June 14, 2009
June 14, 2009
June 17, 2009
14.366.1 - 14.366.9
RFID-Based Access Human Transporter
The undergraduate research paper documents the implementation and testing of a Segway-like scooter utilizing an MIT DIY Segway design, while adding passive RFID access. Additional features include an adjustable handle bar, lean steering using car struts, an IPOD holder and speakers. Our proposed approach is to base the overall design on the MIT DIY Segway. If a person steps onto the platform the scooter will have the capability to stay up-right. When the rider leans either forward or backward the scooter will accelerate in the correct direction to center itself. Steering will be controlled by leaning the handle bar to allow the rider to turn in the desired direction. The RFID reader will turn on the Transporter only when an authorized tag is placed near the antenna. This security feature will allow only an authorized user to ride the Transporter.
The Transporter project will be utilizing the automatic identification method that makes Radio frequency identification (RFID) so unique. The components that enable RFID to be so useful are the exchange of data between a passive tag and reader. The passive tag requires no internal battery power but becomes active by being energized when a when a reader is near. A passive tag is powered is through radio waves that a reader outputs. For our purpose the read range is small so we do not require an active tag that can be read from farther away. Having the read range limited to a few centimeters protects the rider from accidentally turning the Transporter when the rider is not ready.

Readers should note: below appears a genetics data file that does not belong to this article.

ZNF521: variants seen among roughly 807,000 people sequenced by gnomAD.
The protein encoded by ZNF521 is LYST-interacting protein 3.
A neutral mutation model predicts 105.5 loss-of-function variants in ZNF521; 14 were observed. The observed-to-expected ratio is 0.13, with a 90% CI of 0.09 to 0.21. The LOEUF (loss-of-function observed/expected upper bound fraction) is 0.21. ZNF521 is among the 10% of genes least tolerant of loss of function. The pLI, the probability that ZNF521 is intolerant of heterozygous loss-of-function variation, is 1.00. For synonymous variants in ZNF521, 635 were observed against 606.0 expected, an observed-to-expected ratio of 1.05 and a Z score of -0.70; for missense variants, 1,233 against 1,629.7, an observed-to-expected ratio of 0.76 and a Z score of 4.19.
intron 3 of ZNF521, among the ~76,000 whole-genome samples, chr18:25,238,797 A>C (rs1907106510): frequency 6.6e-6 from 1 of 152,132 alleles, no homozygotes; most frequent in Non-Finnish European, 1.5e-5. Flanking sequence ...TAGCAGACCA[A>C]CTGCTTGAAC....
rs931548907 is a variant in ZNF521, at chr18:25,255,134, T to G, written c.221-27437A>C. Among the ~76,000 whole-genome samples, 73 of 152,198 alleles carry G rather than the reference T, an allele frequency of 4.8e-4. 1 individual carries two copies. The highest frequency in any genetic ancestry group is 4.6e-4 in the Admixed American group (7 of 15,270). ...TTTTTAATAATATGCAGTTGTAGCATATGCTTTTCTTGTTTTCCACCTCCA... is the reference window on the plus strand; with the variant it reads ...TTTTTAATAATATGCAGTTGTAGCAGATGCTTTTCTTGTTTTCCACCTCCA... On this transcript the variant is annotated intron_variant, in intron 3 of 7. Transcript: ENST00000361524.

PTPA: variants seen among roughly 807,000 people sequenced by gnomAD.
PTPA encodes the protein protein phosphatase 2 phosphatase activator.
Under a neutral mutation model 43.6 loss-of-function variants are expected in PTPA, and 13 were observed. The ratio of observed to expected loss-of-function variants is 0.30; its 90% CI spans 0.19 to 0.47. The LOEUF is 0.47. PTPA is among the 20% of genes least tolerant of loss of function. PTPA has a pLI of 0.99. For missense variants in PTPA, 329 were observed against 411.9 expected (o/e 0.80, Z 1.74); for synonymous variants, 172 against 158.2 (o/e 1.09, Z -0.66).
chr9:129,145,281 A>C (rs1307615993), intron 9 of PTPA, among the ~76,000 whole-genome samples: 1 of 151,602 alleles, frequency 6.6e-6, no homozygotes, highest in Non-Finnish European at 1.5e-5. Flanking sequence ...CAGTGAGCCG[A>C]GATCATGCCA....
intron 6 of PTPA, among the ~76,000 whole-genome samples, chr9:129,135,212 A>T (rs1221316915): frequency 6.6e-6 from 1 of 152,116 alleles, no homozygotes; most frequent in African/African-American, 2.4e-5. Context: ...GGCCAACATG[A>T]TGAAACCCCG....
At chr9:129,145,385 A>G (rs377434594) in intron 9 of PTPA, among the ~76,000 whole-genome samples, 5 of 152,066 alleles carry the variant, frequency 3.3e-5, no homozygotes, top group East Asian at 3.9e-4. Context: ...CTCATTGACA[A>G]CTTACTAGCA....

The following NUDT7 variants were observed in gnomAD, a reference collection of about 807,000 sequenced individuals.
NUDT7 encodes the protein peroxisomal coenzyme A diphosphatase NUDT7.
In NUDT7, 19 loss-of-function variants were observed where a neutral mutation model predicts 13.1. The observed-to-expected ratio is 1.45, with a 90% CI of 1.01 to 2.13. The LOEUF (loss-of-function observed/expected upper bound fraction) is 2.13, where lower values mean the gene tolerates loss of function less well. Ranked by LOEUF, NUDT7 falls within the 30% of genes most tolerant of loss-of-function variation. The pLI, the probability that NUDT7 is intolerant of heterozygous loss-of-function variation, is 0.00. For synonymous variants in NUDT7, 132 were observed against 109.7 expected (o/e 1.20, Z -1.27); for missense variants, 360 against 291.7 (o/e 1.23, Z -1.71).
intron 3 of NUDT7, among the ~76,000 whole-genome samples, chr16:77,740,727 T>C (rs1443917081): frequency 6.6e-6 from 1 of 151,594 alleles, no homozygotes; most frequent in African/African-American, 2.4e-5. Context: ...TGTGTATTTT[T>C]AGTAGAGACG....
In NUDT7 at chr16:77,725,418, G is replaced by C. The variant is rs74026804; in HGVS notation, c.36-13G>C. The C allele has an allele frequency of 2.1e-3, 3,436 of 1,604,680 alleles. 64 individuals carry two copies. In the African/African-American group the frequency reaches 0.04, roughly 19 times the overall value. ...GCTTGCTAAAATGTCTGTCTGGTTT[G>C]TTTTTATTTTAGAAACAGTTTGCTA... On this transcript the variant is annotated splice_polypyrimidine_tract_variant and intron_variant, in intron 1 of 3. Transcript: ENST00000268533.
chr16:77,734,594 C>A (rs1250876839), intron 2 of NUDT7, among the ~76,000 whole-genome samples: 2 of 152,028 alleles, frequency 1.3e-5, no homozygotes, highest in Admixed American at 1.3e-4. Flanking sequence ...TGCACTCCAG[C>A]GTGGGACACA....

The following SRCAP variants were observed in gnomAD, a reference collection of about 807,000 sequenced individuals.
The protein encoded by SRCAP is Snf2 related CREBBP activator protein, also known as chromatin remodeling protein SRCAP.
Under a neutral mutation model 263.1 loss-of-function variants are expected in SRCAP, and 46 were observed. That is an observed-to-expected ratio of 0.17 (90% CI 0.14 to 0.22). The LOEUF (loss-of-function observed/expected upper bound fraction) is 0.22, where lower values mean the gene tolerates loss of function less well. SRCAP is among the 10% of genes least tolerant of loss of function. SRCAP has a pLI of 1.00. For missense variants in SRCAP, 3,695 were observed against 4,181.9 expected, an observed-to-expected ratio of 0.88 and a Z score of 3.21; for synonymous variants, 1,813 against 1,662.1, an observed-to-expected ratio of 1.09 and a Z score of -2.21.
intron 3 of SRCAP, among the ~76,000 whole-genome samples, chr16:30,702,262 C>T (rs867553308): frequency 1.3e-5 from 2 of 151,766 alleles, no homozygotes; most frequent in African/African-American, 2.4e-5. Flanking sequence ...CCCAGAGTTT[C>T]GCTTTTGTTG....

Using RFID for the power on switch for the Transporter our application allows for security and protection from harm. Since we are using passive tags our read range for our antenna is 3-5cm. This short distance allows the rider to turn the Transporter off and on only when the tag is close enough to be read. There is no danger of the tag being read from across the room and turning the Transporter off or on. On the security side, the Transporter will only be turned on when an authorized tag is place in the antenna field. A data base of authorized tags is stored on the RFID reader itself. Most vehicles like the Transporter will have a button or a key that toggles power on or off. A key or switch can be duplicated and overcome by an un-authorized person. That is why having keyless power-on is so unique. To overcome our security you would have to reprogram the reader and that takes time and requires several pieces of hardware. The Transporter database currently only allows two tags to have the authorization to turn it off or on.
The Transporter’s general requirement is to balance a single person on a two-wheeled platform. The rider will be able to balance themselves on the platform while holding a handle bar located directly in front of them for support. The motors will take in a PWM signal that is outputted by a PIC16F877 processor. The PIC runs a 4MHz clock that will poll the sensors at 100Hz. There are two sensors that allow a person to stay upright. Those sensors include two accelerometers and a single gyroscope. One of the accelerometers monitors acceleration. Measuring the acceleration helps us to know when the Transporter is tilted in a certain direction and adjust the motors to
Sridharan, S., & Zoghi, B. (2009, June), Control System Project: Rfid Based Access Human Transporter Paper presented at 2009 Annual Conference & Exposition, Austin, Texas. https://peer.asee.org/4864
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